Over the coming months, New Orleans’ native son Tyrone Turner will be revisiting the city he loves, checking in on how the people and landscape have healed since the devastation of Hurricane Katrina. Though eighty percent of the city flooded, and many died and were displaced across the metropolitan area, the Lower Ninth Ward became known as the city’s ground zero. Turner’s journey leading up to the tenth anniversary of the storm on August 29, 2015, begins with a look at what it takes to rebuild the heart and soul of a community.
“That was the tsunami of the United States. You seen houses in the streets and on top of each other, cars everywhere, and death flowed with it. It was a feeling and stench you never forget. But the spirit of the people overrides all that because they wanted to be home.” —Ronald Lewis, Lower Ninth Ward resident
To tell someone you are from New Orleans is to claim descendancy from the Land of Oz, the Emerald City. Their eyes light up, fairy dust settles on their cheeks, and they smile, “Wow, you are from New Orleans?”
The traditional charms of the city—the blessed trifecta of music, food and non-stop partying—have been mixed in recent memory with the apocalyptic tragedies of the BP oil spill, eroding marshlands, and one of the worst natural disasters in the country’s history, Hurricane Katrina.
The question follows: “How is New Orleans doing?” Since Katrina, answering that question has not been easy. Greer E. Mendy, a resident born and raised in the Lower Ninth Ward, sums it up well, “It depends on who you are talking to and where you are talking with them.”
New Orleans and the rest of the Gulf Coast, have come far since the storm hit on August 29, 2005. Against Sisyphian odds they have managed to roll that “recovery” boulder uphill, to stand on the mountaintop in spite of the trauma, death, and destruction that surged with Katrina’s waters.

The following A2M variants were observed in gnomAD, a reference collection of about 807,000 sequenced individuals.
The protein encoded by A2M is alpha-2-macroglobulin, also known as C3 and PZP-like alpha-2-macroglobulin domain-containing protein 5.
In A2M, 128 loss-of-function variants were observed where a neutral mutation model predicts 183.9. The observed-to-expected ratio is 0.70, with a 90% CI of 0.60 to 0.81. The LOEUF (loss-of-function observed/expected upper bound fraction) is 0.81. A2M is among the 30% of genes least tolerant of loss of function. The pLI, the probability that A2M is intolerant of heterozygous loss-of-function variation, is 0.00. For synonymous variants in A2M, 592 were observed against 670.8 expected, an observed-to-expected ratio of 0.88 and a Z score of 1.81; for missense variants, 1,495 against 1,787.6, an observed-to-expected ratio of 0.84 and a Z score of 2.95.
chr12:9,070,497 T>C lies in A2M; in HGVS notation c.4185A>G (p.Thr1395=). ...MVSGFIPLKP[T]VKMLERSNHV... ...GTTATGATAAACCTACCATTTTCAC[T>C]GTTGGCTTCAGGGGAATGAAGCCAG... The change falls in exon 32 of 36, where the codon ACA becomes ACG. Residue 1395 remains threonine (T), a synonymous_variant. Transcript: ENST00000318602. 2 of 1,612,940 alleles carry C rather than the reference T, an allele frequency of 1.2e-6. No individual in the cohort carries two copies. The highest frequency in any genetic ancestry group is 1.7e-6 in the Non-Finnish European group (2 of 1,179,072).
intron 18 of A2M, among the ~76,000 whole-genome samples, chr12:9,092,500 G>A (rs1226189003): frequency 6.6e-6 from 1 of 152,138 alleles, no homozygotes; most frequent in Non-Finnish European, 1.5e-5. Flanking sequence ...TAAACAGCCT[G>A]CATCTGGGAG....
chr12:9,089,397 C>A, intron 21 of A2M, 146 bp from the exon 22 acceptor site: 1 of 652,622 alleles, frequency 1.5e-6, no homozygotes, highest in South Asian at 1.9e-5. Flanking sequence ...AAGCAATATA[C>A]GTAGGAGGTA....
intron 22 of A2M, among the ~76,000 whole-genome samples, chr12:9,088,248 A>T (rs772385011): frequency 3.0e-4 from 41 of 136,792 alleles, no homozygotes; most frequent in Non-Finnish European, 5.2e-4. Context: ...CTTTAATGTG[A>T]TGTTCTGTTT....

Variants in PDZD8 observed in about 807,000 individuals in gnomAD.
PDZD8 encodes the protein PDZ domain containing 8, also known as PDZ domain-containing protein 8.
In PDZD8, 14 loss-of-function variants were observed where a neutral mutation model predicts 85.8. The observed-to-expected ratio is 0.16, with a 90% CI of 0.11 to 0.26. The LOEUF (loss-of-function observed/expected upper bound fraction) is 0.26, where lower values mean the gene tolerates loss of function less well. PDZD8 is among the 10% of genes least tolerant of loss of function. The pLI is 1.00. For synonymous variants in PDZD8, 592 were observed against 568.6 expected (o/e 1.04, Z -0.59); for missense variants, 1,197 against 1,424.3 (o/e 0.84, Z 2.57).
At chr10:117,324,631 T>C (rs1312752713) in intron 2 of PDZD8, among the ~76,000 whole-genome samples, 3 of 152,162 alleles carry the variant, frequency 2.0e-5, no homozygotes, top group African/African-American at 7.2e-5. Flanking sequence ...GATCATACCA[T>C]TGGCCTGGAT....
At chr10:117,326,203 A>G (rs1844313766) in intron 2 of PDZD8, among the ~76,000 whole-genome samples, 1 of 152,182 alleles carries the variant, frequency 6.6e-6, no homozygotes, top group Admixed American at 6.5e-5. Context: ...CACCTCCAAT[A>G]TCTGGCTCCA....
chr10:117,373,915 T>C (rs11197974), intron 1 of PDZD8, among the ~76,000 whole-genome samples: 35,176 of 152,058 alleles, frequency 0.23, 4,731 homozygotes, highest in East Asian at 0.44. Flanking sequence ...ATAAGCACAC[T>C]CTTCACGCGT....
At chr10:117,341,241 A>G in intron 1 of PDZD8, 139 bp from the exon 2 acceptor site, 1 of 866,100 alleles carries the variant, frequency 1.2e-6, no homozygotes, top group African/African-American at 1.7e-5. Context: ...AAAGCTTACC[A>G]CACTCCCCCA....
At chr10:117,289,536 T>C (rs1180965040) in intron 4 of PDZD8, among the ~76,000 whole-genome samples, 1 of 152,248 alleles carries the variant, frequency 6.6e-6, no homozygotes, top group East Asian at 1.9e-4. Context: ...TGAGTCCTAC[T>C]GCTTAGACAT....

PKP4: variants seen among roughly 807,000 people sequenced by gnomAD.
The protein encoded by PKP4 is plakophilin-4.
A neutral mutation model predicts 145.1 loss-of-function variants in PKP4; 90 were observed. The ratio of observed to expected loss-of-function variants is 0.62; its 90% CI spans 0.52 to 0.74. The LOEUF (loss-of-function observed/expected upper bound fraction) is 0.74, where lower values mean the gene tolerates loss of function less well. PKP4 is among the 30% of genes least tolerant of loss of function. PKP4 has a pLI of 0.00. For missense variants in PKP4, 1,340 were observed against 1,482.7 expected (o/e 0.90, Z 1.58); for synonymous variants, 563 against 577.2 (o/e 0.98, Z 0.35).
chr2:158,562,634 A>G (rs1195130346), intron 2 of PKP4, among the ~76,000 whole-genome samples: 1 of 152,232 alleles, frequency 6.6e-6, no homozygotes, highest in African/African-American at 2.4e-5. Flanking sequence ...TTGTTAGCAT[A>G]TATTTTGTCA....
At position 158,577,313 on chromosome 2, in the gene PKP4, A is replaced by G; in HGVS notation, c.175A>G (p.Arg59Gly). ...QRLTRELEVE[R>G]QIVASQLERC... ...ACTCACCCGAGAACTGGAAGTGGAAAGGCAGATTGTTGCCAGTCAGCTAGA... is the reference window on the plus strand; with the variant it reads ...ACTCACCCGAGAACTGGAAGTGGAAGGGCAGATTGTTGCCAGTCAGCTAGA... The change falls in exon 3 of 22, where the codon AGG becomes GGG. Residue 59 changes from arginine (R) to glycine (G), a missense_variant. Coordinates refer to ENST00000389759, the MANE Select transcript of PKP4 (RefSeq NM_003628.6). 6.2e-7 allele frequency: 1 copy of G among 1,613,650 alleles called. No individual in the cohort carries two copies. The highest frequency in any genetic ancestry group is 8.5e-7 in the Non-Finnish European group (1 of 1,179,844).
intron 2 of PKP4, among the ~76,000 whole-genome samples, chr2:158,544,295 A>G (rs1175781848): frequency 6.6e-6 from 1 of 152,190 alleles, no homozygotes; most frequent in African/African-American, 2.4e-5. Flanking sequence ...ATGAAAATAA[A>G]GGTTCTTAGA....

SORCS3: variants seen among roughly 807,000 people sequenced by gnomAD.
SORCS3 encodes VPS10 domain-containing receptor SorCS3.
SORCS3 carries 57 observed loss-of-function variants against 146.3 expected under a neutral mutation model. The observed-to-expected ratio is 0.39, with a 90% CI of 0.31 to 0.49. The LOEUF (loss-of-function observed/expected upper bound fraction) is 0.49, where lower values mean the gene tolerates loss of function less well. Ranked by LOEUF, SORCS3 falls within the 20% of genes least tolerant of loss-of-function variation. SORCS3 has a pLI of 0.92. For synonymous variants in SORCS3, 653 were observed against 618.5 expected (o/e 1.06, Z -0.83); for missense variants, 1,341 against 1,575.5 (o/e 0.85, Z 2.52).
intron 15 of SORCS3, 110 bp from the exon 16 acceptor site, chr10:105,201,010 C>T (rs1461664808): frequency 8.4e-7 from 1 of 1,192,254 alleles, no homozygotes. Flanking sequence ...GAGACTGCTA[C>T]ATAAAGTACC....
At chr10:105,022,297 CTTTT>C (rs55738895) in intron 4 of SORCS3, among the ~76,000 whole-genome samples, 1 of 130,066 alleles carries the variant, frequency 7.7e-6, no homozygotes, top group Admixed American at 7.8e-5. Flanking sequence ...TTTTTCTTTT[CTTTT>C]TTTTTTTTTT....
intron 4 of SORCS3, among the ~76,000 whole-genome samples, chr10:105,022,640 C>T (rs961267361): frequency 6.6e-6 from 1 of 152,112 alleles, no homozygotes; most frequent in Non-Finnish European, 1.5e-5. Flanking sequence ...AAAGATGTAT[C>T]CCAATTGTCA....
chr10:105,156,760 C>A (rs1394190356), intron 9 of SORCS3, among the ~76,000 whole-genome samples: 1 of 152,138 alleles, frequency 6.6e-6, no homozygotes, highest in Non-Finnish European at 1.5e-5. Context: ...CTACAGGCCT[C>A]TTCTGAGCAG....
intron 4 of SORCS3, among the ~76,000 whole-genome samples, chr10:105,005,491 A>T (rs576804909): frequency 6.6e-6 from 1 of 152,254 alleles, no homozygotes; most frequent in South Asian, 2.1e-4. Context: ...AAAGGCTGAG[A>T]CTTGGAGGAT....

But what does recovery mean in the Lower Ninth Ward, an area that came to symbolize not only the acute tragedy of Katrina but also the larger, intertwined issues of neglect and race in this beloved city?
Robert Lynn Green Sr. is one of those people who lost so much in Katrina. I met Robert in 2006, the summer after Katrina. He was standing on the ruins of his home in Lower Ninth Ward giving a tour to students from his alma mater, St. Olaf College in Minnesota. The students stood on the collapsed boards, like a folded house of cards, and silently watched as he recounted his story: about trying unsuccessfully to leave the panicked city before the storm with his sick mother and extended family, trying unsuccessfully to evacuate to the Superdome, and then finally returning to his mother’s home to ride out the hurricane.
Robert talked about the water gushing into the darkened house, about hauling his family members into the attic and then onto the roof, and then scrambling to other rooftops as his home disintegrated. Two of his family died. His granddaughter, Shanai Green, was lost in the rushing waters and his mother, Joyce Green, collapsed on the roof and couldn’t be revived.
In spite of such tragedy, Robert’s spirit is strong. He, like many residents who have come back to live, welcome the opportunity to tell their story to passing strangers so that they can understand, and so that what happened is not forgotten.
In terms of numbers, Robert told me that only about 300 of the 3,000 homeowners have returned to the most devastated area of the Lower Ninth Ward. Far from despairing, he speaks with great enthusiasm about recovery. He believes ten percent is just the beginning, the seeds for a fully rebuilt, re-inhabited Lower Ninth Ward.
“Nine years after…we feel like we are back. We feel like we are normal. We do the things that we did before. So for us, the progress still needs to happen but we are at a comfortable point in our lives, and we just want other people to come back and do the same—to build this community back to the size it was before.”
Tyrone Turner photographed New Orleans and the Gulf Coast following Hurricane Katrina for the August 2007 issue of National Geographic, which you can view here.